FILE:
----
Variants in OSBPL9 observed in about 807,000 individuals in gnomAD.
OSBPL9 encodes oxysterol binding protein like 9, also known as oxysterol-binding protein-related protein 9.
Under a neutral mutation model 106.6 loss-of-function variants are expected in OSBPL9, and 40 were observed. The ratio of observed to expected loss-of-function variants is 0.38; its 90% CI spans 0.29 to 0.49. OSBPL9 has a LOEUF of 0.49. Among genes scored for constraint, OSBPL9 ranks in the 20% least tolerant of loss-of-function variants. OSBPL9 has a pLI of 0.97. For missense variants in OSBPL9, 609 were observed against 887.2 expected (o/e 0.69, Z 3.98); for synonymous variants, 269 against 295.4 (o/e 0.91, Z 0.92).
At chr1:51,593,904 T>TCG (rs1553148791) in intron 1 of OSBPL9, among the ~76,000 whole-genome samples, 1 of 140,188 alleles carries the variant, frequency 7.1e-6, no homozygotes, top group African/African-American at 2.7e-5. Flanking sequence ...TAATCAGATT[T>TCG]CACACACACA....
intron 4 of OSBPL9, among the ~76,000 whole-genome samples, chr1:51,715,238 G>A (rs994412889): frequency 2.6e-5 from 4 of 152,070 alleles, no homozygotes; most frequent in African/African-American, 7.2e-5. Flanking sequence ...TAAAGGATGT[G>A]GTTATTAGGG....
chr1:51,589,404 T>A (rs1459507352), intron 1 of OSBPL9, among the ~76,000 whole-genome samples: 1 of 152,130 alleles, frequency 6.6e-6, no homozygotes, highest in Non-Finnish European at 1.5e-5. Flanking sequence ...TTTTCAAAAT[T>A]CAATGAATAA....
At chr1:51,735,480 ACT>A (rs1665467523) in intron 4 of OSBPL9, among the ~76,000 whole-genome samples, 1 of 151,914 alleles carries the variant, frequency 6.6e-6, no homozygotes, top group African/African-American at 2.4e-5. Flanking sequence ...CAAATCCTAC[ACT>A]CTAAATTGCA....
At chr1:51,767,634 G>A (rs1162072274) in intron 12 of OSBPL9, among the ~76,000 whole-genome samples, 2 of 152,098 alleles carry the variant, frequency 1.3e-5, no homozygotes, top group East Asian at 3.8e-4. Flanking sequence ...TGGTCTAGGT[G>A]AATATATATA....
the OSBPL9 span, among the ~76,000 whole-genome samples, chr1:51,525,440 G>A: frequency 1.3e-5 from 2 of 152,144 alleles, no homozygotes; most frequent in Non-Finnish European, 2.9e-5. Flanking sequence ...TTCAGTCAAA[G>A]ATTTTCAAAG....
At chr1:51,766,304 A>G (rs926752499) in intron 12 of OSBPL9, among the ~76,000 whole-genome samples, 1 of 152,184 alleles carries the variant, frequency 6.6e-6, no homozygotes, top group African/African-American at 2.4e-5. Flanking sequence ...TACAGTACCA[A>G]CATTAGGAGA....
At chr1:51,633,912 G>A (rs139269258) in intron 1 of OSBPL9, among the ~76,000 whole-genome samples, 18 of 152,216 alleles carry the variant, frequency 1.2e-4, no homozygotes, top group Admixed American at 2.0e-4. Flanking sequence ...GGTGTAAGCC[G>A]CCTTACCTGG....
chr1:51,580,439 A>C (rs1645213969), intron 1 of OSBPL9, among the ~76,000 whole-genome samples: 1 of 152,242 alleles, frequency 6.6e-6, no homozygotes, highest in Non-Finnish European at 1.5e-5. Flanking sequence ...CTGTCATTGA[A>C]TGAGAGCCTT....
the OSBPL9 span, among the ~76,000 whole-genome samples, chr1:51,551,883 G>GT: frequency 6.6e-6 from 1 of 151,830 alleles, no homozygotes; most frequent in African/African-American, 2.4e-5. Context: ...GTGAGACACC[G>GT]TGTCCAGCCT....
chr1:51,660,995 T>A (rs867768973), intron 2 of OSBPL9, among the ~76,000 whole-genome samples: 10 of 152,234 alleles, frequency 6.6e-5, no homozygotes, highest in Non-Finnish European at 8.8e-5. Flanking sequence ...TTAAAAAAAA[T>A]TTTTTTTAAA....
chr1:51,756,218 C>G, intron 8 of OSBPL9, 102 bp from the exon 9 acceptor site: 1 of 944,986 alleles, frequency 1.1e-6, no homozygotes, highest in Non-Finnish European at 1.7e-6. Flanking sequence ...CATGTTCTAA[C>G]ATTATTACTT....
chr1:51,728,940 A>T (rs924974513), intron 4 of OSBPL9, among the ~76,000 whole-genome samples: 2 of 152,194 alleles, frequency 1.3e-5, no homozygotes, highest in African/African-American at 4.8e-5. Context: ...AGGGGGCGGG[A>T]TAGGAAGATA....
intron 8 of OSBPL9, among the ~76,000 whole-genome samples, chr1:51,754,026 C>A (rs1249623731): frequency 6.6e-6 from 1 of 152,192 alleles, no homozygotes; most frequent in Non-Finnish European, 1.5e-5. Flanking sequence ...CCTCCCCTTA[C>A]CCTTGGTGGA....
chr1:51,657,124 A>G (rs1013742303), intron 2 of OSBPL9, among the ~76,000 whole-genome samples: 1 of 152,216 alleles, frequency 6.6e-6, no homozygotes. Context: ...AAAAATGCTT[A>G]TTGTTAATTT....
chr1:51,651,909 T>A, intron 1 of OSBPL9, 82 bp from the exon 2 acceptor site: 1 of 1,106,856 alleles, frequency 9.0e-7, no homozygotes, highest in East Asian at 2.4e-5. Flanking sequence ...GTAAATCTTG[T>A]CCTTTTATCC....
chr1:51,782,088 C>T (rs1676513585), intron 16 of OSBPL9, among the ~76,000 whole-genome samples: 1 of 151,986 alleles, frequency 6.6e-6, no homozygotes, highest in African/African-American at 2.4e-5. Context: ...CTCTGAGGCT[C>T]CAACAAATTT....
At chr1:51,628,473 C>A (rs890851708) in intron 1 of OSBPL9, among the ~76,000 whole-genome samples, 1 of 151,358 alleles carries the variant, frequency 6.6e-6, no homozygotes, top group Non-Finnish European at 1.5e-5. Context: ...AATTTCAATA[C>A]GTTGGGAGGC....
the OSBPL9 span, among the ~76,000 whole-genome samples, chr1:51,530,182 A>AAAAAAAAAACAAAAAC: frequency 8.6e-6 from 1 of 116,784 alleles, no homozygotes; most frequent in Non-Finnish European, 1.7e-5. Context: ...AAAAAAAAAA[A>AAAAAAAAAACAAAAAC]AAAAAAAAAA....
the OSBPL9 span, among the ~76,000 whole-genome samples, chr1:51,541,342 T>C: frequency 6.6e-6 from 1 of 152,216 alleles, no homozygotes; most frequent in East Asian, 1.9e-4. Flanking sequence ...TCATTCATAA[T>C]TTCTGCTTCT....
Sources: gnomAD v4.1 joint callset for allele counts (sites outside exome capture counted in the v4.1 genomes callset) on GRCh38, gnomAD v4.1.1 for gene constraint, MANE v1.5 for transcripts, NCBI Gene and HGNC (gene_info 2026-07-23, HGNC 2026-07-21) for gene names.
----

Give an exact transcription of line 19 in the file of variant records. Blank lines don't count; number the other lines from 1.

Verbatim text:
chr1:51,651,909 T>A, intron 1 of OSBPL9, 82 bp from the exon 2 acceptor site: 1 of 1,106,856 alleles, frequency 9.0e-7, no homozygotes, highest in East Asian at 2.4e-5. Flanking sequence ...GTAAATCTTG[T>A]CCTTTTATCC....